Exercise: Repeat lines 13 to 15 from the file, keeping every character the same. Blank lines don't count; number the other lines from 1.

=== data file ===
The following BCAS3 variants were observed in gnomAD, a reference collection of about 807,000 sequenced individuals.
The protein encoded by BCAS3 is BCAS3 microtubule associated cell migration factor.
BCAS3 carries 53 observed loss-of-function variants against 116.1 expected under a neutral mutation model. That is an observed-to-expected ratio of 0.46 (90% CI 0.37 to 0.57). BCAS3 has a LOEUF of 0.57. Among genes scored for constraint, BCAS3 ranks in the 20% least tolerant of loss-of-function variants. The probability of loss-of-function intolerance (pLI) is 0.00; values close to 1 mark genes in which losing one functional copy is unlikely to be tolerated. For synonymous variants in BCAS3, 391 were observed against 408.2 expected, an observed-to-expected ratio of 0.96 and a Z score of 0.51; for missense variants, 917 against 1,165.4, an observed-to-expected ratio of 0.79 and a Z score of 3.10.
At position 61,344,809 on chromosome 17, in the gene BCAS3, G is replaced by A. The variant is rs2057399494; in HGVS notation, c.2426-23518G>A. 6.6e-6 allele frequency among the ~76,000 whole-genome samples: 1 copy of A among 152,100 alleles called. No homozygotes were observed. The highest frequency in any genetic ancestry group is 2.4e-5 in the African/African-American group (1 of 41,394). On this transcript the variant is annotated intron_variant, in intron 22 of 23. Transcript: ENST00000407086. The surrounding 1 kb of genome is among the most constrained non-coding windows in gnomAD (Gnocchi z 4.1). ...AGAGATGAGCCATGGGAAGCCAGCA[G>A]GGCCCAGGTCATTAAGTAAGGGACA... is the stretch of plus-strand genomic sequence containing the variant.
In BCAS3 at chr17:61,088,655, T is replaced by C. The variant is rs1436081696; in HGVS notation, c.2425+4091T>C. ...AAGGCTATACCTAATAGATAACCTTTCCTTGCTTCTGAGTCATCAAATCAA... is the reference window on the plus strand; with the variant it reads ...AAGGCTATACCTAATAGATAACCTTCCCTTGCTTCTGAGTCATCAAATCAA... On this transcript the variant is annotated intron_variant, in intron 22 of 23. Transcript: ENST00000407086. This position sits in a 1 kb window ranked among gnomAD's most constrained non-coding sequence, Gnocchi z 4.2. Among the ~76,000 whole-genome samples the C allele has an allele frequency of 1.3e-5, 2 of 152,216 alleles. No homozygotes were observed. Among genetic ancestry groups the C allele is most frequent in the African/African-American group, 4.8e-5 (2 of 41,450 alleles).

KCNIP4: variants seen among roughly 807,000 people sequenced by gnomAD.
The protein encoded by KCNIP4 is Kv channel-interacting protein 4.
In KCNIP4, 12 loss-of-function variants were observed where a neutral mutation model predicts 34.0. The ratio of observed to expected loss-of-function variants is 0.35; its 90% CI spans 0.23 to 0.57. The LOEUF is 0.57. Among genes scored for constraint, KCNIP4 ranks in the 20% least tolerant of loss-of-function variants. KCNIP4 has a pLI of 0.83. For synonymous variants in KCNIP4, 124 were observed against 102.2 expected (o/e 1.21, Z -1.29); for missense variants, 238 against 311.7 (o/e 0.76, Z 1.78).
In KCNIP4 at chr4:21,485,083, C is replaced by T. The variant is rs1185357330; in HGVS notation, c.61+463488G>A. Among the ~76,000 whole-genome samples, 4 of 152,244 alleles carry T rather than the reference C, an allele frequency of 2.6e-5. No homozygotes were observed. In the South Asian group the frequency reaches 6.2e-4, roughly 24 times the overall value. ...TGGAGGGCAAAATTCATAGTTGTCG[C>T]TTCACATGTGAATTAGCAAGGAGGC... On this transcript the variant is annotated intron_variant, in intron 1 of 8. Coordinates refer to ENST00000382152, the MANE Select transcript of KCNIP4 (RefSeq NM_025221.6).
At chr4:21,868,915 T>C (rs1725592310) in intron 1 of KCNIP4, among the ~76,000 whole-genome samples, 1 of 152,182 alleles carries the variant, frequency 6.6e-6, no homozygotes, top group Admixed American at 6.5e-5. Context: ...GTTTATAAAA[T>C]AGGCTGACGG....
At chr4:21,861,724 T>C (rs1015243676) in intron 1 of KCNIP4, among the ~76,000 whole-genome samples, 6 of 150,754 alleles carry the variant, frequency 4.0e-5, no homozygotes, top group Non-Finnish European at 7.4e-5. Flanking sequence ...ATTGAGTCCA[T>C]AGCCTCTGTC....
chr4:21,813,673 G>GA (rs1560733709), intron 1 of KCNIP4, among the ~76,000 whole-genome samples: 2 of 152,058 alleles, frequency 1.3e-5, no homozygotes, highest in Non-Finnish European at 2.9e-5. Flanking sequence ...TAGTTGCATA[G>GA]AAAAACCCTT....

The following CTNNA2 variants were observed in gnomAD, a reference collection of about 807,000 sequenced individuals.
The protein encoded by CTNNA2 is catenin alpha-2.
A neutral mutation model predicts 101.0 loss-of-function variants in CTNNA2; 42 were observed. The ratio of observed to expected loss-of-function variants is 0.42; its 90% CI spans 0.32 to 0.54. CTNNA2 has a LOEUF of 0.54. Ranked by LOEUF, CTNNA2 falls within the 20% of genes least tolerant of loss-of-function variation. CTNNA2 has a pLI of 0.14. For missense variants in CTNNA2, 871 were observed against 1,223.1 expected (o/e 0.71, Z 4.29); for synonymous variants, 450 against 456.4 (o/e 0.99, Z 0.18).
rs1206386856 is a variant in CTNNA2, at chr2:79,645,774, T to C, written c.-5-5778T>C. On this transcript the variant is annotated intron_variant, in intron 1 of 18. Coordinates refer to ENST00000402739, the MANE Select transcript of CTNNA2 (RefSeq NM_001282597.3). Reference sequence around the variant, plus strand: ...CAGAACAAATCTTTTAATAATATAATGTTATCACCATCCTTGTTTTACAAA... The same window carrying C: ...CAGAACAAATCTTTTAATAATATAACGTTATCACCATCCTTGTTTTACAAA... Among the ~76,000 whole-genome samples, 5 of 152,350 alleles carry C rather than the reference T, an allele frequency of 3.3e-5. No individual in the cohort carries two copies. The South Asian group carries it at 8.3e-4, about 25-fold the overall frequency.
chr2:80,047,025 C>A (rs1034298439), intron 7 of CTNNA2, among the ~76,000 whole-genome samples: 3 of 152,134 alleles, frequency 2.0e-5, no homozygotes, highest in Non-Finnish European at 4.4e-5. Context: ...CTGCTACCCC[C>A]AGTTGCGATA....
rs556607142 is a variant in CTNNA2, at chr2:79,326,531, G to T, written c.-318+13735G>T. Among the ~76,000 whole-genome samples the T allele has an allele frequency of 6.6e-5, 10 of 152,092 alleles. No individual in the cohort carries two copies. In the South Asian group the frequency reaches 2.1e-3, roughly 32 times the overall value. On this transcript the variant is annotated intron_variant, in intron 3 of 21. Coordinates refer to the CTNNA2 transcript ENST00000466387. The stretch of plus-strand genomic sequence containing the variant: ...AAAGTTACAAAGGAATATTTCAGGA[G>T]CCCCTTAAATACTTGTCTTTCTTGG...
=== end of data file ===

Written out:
The following CTNNA2 variants were observed in gnomAD, a reference collection of about 807,000 sequenced individuals.
The protein encoded by CTNNA2 is catenin alpha-2.
A neutral mutation model predicts 101.0 loss-of-function variants in CTNNA2; 42 were observed. The ratio of observed to expected loss-of-function variants is 0.42; its 90% CI spans 0.32 to 0.54. CTNNA2 has a LOEUF of 0.54. Ranked by LOEUF, CTNNA2 falls within the 20% of genes least tolerant of loss-of-function variation. CTNNA2 has a pLI of 0.14. For missense variants in CTNNA2, 871 were observed against 1,223.1 expected (o/e 0.71, Z 4.29); for synonymous variants, 450 against 456.4 (o/e 0.99, Z 0.18).